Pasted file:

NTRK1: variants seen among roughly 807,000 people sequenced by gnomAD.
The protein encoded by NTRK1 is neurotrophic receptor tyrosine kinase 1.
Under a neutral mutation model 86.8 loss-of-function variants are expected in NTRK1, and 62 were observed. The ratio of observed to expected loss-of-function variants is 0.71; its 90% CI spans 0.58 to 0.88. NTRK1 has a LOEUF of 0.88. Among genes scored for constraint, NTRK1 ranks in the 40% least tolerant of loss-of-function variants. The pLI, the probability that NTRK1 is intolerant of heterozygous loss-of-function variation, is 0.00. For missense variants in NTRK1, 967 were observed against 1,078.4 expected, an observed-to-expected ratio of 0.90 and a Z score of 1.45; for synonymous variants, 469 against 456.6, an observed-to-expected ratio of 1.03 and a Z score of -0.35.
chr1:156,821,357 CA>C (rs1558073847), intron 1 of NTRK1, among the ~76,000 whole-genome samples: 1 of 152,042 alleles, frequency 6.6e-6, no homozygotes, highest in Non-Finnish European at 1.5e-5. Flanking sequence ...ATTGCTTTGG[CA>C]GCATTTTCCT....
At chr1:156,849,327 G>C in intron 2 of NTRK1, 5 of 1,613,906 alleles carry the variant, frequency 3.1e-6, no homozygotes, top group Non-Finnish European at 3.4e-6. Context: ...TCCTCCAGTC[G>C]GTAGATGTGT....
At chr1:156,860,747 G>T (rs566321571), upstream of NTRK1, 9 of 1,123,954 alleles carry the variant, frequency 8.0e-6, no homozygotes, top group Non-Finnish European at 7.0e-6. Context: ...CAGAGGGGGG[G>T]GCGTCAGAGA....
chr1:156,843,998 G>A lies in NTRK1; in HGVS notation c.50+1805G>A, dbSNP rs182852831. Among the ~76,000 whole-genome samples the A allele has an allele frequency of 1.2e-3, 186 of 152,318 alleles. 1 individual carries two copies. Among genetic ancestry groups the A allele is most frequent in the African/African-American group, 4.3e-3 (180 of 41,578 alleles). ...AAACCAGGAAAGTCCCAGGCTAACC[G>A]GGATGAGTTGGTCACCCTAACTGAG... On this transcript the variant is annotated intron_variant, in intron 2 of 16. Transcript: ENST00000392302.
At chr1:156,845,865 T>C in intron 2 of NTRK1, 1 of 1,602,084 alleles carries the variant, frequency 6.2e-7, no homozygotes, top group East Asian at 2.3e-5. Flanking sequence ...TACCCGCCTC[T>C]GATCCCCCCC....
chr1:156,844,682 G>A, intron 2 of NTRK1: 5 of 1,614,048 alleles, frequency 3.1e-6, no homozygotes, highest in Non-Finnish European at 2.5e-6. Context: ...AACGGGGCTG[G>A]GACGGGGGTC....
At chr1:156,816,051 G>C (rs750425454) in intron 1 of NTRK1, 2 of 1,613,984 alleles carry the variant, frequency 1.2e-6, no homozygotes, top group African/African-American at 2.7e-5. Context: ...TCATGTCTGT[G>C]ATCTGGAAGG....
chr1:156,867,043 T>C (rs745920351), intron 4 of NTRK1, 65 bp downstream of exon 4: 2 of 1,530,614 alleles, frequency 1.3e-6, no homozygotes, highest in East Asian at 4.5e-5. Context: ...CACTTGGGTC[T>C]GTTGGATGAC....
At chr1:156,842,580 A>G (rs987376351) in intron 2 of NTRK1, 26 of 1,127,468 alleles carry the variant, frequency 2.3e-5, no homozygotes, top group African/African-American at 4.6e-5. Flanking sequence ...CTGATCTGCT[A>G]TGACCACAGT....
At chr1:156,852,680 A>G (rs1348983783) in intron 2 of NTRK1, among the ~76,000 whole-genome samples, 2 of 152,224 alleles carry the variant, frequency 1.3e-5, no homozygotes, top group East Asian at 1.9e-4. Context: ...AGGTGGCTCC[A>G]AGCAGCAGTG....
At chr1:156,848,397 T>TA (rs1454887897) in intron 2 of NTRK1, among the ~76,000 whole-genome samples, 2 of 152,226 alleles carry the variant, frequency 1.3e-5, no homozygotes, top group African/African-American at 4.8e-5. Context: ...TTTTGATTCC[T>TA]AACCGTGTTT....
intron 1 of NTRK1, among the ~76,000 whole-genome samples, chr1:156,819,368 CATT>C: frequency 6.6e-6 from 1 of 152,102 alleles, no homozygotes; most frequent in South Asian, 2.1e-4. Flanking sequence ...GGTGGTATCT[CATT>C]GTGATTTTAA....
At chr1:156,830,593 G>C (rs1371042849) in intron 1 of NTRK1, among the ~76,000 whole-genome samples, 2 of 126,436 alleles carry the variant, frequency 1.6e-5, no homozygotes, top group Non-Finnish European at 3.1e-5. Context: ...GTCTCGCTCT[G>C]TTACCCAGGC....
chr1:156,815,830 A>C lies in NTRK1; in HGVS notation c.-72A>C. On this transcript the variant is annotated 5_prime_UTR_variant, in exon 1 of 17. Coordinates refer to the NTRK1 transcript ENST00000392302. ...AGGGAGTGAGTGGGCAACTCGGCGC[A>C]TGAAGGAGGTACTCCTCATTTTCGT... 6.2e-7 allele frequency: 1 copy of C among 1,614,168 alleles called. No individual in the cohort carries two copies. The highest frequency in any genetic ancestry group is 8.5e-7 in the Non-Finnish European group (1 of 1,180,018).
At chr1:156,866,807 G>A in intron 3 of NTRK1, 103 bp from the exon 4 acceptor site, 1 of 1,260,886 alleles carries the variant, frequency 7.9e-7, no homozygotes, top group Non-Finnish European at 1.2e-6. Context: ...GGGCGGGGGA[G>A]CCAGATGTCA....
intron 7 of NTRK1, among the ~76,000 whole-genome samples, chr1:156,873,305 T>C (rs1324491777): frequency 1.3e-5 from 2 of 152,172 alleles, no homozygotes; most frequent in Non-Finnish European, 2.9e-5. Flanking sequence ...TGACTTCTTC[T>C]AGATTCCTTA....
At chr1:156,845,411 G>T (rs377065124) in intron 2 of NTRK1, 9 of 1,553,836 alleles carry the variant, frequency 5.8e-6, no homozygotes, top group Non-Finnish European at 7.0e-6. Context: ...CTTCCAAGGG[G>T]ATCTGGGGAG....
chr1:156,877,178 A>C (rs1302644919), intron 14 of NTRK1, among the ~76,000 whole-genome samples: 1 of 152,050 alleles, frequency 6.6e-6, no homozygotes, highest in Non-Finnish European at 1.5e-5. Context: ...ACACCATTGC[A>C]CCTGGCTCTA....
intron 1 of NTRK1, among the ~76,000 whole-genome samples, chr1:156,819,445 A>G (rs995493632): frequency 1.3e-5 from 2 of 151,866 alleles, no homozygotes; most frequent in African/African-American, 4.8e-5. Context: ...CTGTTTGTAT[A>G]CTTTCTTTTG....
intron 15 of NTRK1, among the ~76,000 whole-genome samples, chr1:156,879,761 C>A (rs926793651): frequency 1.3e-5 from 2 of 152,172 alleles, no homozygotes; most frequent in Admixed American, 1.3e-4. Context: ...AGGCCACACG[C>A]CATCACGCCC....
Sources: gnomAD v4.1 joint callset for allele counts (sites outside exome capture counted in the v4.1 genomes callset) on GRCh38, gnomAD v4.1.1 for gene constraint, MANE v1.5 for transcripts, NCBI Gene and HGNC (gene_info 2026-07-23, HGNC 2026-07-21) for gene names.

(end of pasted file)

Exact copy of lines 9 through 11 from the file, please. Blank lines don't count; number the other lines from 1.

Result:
chr1:156,844,682 G>A, intron 2 of NTRK1: 5 of 1,614,048 alleles, frequency 3.1e-6, no homozygotes, highest in Non-Finnish European at 2.5e-6. Context: ...AACGGGGCTG[G>A]GACGGGGGTC....
At chr1:156,816,051 G>C (rs750425454) in intron 1 of NTRK1, 2 of 1,613,984 alleles carry the variant, frequency 1.2e-6, no homozygotes, top group African/African-American at 2.7e-5. Context: ...TCATGTCTGT[G>C]ATCTGGAAGG....
chr1:156,867,043 T>C (rs745920351), intron 4 of NTRK1, 65 bp downstream of exon 4: 2 of 1,530,614 alleles, frequency 1.3e-6, no homozygotes, highest in East Asian at 4.5e-5. Context: ...CACTTGGGTC[T>C]GTTGGATGAC....